The reporting on this has been spotty, but by all appearances Anderson only has two years of K-12 public school teaching experience, all through Teach For America. When you haven't been in the classroom for long, you won't understand how a school becomes part of a community; it becomes, therefore, far easier for you to conceive of closing schools than it should be.

When you haven't invested yourself into a teaching career, you can't understand how disheartening it is to have superintendents change policies and curricula like they are the flavors-of-the-month. You won't understand how demoralizing it is to be subject to an arbitrary merit pay plan. You won't see the discriminatory racial patterns that emerge in employment practices that are ostensibly race-neutral.

After her short teaching stint, Cami Anderson went into the education "advocacy" sector, rather than continue to teach and work her way up the administrative ladder. She eventually landed a job in the labyrinth that is the NYCDOE -- but serving as a bureaucrat in a huge city system, while admittedly important work, is of limited value when it comes to training to take over your own district. That's especially true of New York City, where mayoral control under Mike Bloomberg ensured that school administrators had to answer to no one but the mayor's office.
The plain truth is that Cami Anderson's resume would head directly for the circular file if she ever applied for a job out in Hunterdon or Sussex or Ocean or Morris counties.

She never got a degree in educational administration, so she's ever been properly trained in school law or finance or personnel supervision or curricular development. She never ran a school, so she doesn't really know how they work. She worked in the bowels of the NYC system, so she never had to learn to gain consensus from her staff, her constituents, her school board, her parents, or her students.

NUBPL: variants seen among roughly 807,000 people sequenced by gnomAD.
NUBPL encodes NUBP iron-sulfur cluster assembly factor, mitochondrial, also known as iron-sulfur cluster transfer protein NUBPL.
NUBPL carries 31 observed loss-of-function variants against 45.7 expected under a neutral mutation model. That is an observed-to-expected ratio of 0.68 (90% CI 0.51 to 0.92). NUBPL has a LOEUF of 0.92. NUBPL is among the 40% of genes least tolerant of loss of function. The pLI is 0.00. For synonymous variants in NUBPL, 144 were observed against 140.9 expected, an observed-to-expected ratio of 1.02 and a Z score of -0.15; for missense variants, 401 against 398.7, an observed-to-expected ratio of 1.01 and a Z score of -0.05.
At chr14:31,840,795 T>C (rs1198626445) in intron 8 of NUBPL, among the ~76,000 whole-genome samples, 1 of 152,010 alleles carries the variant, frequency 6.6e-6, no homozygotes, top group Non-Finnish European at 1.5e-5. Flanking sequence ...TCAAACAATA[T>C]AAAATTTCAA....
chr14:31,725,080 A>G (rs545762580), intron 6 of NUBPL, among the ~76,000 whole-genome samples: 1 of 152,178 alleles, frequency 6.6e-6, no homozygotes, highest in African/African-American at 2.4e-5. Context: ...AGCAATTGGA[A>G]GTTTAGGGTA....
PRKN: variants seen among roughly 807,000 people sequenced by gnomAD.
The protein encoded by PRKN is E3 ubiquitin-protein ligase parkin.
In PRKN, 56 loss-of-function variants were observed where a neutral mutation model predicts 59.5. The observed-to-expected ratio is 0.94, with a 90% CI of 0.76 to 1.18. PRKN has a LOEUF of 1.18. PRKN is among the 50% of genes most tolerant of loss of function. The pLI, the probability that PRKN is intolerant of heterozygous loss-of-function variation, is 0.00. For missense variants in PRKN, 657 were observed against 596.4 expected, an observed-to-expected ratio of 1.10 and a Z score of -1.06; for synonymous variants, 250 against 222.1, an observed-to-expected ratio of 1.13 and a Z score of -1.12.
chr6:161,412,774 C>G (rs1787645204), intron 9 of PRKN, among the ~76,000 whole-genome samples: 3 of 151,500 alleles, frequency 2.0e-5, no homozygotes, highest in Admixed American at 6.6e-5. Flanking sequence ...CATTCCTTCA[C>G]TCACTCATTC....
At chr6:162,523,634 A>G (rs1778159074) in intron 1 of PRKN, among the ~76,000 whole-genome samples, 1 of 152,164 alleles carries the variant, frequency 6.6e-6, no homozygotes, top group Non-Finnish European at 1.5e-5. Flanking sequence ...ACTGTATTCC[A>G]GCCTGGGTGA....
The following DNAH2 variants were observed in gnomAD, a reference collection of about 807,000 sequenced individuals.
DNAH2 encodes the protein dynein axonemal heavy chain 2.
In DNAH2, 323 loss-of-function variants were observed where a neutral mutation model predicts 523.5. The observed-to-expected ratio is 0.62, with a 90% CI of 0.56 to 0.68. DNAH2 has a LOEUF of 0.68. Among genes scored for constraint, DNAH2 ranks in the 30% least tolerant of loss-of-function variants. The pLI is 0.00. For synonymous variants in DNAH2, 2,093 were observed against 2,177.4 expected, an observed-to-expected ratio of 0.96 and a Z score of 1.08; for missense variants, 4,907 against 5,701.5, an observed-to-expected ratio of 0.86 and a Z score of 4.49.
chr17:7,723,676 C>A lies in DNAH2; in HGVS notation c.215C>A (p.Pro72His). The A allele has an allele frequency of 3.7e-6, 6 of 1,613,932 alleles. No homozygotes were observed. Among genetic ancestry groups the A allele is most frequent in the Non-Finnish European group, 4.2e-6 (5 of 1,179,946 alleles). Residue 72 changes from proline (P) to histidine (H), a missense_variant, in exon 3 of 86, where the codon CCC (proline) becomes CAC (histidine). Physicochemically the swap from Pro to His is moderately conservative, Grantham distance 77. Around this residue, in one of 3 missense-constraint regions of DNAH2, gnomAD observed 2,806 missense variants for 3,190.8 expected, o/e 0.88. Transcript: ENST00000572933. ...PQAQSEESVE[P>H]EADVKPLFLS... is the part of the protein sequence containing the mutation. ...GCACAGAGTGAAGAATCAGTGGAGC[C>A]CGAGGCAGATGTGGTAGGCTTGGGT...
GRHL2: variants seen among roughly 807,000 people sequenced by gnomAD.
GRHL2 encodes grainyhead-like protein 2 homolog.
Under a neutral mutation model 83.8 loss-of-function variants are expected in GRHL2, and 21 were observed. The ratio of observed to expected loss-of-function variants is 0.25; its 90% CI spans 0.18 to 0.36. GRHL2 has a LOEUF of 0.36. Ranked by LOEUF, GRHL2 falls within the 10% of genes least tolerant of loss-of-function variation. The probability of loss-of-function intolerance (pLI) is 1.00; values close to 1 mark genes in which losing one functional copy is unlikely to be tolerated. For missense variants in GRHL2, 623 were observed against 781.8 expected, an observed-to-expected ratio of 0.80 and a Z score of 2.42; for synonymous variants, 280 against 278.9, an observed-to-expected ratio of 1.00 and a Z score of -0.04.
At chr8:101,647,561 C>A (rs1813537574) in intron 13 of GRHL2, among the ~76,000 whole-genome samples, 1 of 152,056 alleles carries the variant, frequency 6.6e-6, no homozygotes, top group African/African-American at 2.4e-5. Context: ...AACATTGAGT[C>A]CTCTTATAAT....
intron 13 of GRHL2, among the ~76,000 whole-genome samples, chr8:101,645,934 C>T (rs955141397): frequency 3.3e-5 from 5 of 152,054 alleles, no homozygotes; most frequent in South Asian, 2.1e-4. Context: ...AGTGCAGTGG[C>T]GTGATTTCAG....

Newark is the largest school system in New Jersey, serving a student population that is overwhelmingly disadvantaged. Running that system is one of the toughest school leadership jobs in America. But Chris Christie and Chris Cerf thought it was just fine to leave that job to a person who would never be hired to run even the smallest, most affluent district in the state.

I see a parallel here with the obsession reformy types (like David Boies) have with Teach For America. They actually seem to believe that educators with elite backgrounds don't need experience or training or connections to the communities in which they work; if you're the "right" sort of person, your "talent" will carry you through.

It's enough then, by this logic, that Cami Anderson went to Stanford and fought for more funds for her women's crew team; that's the sort of trial-by-fire these people think qualifies Anderson, bereft of meaningful training or experience, to run a school district like Newark.

You'll excuse me for pointing out the obvious: if Cami Anderson's elite background isn't good enough to qualify her to run suburban schools, why is it good enough to qualify her to run Newark's district?

Some of you will be surprised to hear this, but a part of me feels sorry for Anderson. Clearly, she is out of her depth, and she doesn't have the capacity for introspection needed to lead her to that conclusion. Someone took advantage of that; someone set her up to fail.

It's a real pity, because Anderson is articulate and resourceful, and I'm more than prepared to take her at her word when she says she cares about Newark's children. Had she been more humble and accepted the fact that she wasn't ready to lead a district like Newark, she might have taken the time to develop into a real school leader. She could have spent a few more years in a classroom, then gone on to get her certification and lead a school. In time, she may have even gained the necessary experience to run an entire system.

But ambitious people like Anderson don't see the value in taking the long and winding road; they climb too high too fast. It's a shame for her.